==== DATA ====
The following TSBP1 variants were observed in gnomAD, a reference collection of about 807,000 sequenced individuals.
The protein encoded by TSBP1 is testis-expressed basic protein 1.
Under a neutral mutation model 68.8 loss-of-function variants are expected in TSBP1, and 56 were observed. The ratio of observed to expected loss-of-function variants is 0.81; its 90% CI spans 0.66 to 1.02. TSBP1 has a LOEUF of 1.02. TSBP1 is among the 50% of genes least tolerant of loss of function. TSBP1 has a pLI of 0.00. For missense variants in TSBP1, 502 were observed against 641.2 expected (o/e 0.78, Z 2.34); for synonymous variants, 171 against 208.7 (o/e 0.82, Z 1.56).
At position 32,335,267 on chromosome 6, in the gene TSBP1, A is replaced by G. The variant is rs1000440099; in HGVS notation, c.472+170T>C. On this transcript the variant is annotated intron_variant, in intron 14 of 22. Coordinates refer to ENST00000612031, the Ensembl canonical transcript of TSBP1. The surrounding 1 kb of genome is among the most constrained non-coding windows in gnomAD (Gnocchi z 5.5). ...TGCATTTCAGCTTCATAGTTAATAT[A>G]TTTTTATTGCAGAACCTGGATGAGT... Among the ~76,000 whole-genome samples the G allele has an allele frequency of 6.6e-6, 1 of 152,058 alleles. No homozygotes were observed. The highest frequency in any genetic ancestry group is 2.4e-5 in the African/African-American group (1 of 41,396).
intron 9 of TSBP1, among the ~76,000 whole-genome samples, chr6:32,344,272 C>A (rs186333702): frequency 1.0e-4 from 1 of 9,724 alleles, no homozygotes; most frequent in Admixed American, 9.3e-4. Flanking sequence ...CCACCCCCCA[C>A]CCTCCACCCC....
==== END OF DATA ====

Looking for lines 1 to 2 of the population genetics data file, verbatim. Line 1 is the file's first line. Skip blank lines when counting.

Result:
The following TSBP1 variants were observed in gnomAD, a reference collection of about 807,000 sequenced individuals.
The protein encoded by TSBP1 is testis-expressed basic protein 1.